The town of Pucón is a good ten-hour bus ride south of Santiago, nestled between lakes and volcanoes in the Araucanía region of Chile. All the guidebooks make it sound like a bit of a tourist disaster from Christmas through to February, but our week there at the end of November was very peaceful and quiet.
Double-decker sleeper bus, pictured in the oh-so salubrious Terminal San Borja, and Volcán Villarica looming over the suburbs
We stayed at the lovely Okori Hostel. It's a wooden building that reminded me a little bit of a ski lodge, nestled in the forest outside town. There's a big communal kitchen/dining room with a proper cooker and an amazing bar-table that's made from a single piece of wood that must be a good 5 meters long. The only thing I'd complain about is that they make you wear Crocs indoors. We cooked a lot there, and sat around the table talking with the other guests most evenings - that is, when we weren't trying to talk to the grandmother (who understands English better than she can talk; about on a level with our Spanish) or the evening when 30 Mapuches descended on the hostel (precisely why, we never found out) and barbecued, sang and danced until well into the night. That evening we were invited to Samuel and Karin's BBQ, so that we didn't get in the way in the kitchen, so we ate crispy pork and tried to persuade Abuela to help us finish off the bottle of Fernet that I'd bought earlier that week.
We had a ten-hour overnight bus ride there, from the San Borja terminal in Santiago. We managed to navigate the websites in Spanish to book the tickets without any problem, but then realised that we had to print out the tickets to get on the bus. [This was recorrido.cl, booking for Pullman Bus: I think that they have an app for the other bus lines - but the Pullman station in Pucón is much more convenient than the Turbus one, so it sort of balances out].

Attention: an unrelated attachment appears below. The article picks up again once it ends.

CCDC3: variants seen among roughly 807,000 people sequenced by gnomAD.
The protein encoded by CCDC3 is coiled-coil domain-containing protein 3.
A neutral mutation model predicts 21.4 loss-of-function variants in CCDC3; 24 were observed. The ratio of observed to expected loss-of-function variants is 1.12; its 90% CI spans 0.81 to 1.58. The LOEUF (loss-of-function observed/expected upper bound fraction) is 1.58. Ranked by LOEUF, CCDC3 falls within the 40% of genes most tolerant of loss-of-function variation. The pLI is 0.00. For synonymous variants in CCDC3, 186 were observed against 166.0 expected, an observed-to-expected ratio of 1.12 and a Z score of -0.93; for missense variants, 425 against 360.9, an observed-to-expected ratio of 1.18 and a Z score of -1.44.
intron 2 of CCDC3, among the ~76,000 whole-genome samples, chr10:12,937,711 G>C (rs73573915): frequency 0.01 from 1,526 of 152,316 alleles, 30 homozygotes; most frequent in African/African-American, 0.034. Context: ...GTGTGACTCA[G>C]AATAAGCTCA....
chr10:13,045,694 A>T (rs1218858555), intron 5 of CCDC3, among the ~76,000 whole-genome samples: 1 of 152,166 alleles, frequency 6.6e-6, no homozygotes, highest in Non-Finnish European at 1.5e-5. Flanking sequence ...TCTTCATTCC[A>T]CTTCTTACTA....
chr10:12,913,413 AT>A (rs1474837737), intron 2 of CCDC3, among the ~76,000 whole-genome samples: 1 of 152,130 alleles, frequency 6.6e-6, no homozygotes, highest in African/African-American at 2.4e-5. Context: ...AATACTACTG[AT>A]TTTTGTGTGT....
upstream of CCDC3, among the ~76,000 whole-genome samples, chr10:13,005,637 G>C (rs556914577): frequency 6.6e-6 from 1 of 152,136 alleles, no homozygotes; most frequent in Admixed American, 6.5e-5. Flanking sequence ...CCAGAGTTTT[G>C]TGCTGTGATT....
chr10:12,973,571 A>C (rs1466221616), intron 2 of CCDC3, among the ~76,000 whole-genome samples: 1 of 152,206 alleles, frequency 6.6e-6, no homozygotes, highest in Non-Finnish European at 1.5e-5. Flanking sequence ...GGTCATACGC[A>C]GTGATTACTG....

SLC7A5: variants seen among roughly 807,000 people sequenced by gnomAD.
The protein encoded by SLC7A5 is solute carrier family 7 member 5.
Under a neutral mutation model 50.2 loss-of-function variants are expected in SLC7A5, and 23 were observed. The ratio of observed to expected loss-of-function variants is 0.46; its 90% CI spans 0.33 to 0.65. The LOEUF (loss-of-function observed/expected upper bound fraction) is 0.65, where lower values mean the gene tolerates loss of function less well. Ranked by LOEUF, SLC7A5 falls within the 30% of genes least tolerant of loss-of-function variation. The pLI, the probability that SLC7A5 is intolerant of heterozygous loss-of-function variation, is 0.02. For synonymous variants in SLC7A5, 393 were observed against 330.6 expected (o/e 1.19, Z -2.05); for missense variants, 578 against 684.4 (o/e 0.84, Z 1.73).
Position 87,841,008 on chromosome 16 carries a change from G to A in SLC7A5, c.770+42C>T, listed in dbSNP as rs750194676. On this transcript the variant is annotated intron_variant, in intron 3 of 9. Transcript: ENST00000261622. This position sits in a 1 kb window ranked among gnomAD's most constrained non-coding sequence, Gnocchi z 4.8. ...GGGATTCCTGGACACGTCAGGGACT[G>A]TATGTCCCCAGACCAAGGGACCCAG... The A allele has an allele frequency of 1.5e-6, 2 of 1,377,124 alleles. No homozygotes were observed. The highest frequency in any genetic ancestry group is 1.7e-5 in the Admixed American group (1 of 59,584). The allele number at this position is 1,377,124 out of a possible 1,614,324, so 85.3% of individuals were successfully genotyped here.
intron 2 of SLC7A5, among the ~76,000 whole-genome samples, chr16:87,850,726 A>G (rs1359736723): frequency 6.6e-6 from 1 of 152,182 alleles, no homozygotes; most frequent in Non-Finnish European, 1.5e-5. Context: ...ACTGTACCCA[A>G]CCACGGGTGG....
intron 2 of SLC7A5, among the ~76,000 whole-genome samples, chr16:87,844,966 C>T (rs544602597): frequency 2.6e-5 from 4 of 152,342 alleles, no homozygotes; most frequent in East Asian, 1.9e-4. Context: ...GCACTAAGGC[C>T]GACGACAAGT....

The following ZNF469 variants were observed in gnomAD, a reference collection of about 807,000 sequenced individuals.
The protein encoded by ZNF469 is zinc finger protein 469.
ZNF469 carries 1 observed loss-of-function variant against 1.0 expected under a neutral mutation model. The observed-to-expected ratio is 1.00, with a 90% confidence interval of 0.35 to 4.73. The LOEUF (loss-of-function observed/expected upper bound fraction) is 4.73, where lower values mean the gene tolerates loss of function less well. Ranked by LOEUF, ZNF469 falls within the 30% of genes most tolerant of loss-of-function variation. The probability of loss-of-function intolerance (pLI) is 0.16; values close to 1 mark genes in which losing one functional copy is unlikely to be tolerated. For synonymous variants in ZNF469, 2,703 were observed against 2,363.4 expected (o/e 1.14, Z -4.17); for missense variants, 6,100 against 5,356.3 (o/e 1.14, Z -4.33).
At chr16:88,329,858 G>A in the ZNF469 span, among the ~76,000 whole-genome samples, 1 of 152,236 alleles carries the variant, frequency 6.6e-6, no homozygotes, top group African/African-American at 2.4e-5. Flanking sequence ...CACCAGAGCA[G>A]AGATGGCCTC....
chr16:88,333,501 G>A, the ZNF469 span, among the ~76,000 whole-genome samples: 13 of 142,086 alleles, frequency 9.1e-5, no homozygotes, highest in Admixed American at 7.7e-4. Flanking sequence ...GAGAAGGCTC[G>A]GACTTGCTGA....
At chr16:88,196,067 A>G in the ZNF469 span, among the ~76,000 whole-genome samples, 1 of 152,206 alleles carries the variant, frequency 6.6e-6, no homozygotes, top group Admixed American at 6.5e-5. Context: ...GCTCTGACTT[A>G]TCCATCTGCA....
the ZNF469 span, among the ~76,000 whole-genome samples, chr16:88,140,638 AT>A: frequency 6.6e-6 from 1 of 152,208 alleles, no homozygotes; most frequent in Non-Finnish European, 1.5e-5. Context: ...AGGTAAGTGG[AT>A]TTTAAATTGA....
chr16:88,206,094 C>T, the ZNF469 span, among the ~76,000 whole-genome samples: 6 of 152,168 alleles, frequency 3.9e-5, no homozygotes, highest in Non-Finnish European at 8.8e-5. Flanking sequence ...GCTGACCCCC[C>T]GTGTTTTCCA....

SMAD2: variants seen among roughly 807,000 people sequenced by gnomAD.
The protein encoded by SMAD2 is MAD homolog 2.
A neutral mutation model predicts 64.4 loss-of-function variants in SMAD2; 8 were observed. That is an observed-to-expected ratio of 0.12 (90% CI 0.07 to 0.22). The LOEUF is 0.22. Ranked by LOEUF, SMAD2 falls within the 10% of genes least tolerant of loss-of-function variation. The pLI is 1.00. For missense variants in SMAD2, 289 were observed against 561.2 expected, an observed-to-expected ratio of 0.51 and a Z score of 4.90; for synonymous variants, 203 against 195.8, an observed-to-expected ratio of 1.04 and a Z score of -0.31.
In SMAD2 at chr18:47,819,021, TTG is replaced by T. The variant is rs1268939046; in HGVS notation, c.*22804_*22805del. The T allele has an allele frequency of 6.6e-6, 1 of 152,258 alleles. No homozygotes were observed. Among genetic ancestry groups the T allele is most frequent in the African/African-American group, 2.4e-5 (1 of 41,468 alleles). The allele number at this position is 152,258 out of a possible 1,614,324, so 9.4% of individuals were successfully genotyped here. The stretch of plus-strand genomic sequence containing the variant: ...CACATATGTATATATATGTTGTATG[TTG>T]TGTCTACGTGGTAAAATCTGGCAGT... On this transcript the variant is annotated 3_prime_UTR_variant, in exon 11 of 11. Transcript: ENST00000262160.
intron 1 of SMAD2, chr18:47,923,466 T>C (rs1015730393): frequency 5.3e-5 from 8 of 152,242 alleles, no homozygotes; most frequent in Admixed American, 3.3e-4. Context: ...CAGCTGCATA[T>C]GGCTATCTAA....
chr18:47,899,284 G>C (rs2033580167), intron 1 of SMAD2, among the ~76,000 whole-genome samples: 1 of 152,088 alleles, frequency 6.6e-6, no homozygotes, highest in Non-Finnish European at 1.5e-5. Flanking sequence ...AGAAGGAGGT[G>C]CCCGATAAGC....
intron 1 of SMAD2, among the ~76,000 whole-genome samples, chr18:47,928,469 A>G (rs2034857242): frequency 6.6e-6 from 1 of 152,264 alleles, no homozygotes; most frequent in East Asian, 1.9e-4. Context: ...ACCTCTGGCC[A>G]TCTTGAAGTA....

We went for Salón Cama on the bus both ways: this gets you big business-class style reclining seats, no champagne, and a big sign in the loo saying it's solo para orinar. There's a large LED sign to tell you how fast the driver's going (about 1 km/h under the limit at all times) and how long he's been driving, and they give you a small box with a wafer and a juice box in the morning half an hour or so before arriving. Ten hours on a bus is clearly merely a short jaunt for Chileans, but it was enough for us.
From the Pullman terminal (the Turbus one is half a mile out of the middle of town) we went across the street for breakfast and then to the local bus terminal next door, and climbed onto a minibus that we were fairly sure was going in the right direction. Thankfully, a combination of good signposting and watching our journey on Google Maps like a hawk meant we could tell the driver to stop at the right place, and we jumped off the bus for the long walk down the gravel road to the hostel. Not terribly fun with roller-bags, but we managed it.
After we'd checked in and figured out our bearings, we realised that Okori is a bit (well, 5 km or so) further out into the wilderness than we'd thought while booking it, so we flagged down the next minibus back into town and scored a remarkable deal on the smallest car I've ever rented: a little white Japanese thing that it took me three days to stop banging my elbows on the door when steering around corners. It turned out to be an excellent idea: it was technically possible to do some of the things we did by public transport, but it would have involved getting the bus timing exactly right. It also meant we could drive to the shops to buy supplies: the Okori website suggests you buy food in town before coming, and they're absolutely right.